Professor, alumni win econ award
Economics professor Randy Nelson and two alumni, Richard Cohen '00 and Frederik Rasmussen '03, won the 2007-08 Eckstein Prize for their article, "An Analysis of Pricing Strategy and Price Dispersion on the Internet" September 25. The article first appeared in the Eastern Economic Journal in 2007.
The article, which Cohen wrote as his honors thesis, explored price discrepancies for products such as watches, books and electronics among various Internet companies.
"There's this theory in economics that if markets are competitive, all firms should be forced to charge the same price," Nelson said. "But if it's expensive and time consuming to find out what everyone charges, then firms can get away with different prices."
Nelson, Cohen and Rasmussen used the Internet tool ShopBot to compare the costs of several goods and in return found sizeable prices differences.
"For good, after good, after good, we just kept on finding significant price differences over products. You have to wonder how the high price sellers stay in business if you can find a low price manufacturer so quickly," Nelson said.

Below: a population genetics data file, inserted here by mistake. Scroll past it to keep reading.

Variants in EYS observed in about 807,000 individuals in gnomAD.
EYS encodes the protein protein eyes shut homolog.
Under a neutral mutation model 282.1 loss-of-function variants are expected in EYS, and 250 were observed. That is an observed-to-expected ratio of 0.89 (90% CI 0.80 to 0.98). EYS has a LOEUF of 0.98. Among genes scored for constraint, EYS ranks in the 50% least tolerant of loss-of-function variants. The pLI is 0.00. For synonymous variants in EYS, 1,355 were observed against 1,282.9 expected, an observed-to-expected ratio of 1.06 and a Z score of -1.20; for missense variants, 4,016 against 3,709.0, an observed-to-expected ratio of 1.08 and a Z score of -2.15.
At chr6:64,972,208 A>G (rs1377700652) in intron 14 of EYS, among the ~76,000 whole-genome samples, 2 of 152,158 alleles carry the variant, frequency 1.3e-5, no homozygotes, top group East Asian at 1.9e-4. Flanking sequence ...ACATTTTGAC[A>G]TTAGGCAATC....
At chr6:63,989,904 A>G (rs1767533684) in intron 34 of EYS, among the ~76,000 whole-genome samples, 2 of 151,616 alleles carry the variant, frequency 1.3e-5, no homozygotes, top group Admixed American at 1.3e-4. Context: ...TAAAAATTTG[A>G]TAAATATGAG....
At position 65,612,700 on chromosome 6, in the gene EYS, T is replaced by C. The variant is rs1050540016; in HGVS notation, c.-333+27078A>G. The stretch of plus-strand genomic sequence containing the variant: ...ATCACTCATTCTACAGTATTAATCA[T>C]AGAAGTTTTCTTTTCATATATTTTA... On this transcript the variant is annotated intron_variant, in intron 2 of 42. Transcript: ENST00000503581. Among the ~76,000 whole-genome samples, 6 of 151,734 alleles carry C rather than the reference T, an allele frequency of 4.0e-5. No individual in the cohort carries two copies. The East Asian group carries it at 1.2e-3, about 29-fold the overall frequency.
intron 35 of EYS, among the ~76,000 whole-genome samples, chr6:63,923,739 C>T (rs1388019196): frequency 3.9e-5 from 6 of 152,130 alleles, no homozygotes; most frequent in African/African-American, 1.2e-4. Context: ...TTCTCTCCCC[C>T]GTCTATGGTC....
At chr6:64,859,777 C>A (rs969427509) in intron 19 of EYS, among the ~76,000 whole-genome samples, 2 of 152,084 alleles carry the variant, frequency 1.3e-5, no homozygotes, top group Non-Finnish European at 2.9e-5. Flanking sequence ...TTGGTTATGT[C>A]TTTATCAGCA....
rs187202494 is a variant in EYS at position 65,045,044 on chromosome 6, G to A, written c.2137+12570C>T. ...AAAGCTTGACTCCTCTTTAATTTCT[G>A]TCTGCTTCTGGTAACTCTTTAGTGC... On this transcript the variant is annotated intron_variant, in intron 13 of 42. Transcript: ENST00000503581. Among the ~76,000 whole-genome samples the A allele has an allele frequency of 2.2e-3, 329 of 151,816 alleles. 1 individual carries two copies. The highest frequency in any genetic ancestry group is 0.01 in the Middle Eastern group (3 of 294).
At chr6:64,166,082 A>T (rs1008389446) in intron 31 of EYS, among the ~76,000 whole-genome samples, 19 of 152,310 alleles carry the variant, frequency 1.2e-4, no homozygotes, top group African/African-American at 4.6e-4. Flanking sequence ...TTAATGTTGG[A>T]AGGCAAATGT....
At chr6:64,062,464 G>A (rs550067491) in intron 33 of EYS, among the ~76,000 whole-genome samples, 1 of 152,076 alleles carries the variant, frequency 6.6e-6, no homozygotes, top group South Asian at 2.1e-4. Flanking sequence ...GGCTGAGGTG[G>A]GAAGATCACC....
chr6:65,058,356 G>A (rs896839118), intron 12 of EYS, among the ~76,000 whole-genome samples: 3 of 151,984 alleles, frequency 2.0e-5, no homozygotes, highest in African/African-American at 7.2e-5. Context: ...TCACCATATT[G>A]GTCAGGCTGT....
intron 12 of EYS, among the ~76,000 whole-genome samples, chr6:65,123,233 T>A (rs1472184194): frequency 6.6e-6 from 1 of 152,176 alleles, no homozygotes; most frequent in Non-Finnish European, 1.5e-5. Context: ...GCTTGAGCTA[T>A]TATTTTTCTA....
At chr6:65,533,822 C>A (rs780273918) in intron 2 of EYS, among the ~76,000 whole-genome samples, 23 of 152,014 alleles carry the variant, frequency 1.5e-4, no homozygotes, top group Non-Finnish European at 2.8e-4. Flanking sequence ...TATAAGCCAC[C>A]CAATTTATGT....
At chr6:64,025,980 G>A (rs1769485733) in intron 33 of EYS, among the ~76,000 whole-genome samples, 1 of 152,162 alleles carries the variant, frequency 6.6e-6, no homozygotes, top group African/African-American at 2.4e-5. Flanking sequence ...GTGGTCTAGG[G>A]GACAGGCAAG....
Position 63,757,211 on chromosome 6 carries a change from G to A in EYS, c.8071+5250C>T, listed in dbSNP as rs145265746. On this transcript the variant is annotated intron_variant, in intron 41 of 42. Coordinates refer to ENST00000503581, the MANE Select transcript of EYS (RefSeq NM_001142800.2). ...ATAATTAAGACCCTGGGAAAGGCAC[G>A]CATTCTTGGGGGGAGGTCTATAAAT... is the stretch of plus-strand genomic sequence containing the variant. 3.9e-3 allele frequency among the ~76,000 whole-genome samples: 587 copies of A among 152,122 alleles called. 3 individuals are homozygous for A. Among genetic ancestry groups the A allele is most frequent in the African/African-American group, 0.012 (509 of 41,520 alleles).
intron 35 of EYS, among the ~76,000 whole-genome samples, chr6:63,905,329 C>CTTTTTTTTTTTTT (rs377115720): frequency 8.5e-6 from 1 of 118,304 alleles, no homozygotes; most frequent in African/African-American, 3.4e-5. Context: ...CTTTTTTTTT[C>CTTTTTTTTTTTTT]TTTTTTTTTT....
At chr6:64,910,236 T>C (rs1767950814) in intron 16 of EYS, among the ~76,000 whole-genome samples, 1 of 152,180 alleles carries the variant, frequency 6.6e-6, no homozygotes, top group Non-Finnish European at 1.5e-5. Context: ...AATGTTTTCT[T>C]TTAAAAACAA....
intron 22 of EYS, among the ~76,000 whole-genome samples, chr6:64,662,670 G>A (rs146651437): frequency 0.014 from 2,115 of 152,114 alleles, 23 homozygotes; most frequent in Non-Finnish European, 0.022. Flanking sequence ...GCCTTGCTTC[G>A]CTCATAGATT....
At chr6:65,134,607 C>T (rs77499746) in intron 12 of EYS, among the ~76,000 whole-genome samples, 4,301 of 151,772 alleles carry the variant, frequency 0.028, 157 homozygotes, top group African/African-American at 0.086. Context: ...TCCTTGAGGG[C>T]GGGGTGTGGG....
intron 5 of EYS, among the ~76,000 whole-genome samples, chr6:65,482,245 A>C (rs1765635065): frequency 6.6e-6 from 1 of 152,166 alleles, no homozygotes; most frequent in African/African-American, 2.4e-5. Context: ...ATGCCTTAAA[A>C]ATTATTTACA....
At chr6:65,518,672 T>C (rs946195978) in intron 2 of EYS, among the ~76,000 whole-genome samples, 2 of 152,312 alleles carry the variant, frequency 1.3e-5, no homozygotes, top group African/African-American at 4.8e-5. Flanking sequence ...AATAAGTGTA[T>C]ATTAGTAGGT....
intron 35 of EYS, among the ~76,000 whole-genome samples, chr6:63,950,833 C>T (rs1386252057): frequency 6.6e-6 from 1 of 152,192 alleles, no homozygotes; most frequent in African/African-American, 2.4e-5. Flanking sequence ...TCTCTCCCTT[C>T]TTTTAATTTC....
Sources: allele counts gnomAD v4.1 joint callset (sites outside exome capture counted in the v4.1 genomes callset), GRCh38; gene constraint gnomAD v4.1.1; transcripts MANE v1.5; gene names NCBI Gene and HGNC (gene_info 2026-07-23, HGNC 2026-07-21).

Nelson and the two students considered factors such as shipping cost as an explanation for the price discrepancies, but found little evidence to support their claim.
"Basically we found that prices that are changed for the same goods on the internet are markedly different, and no one has an explanation why," he said.
The award, named after economist Otto Eckstein, recognizes the best article published in the Eastern Economic Journal every other year. Nelson, Cohen and Rasmussen will receive a plaque and a cash award at a ceremony in Philadelphia Febuary 2010.
Nelson said the e-mail notification he received after winning the award took him by surprise.
"I thought it was a scam email, that's why I read it," he said. "I wasn't familiar with [the award]."
Nelson continues to engage in research with his current students and has published eight papers with student co-authors. Since leaving Mayflower Hill, Cohen received a Masters degree in real estate finance from New York University and now works for Buckingam Properties. Rasmussen, a Harvard Business School graduate, currently works for an Internet company in Boston.
While the process of publishing the article required over a year's worth of research and analysis, Nelson is pleased with the overall experience.
"It's great for the students and I couldn't be happier," he said. "They learn a lot, I enjoy working with them and I think it's great for Colby to get the recognition."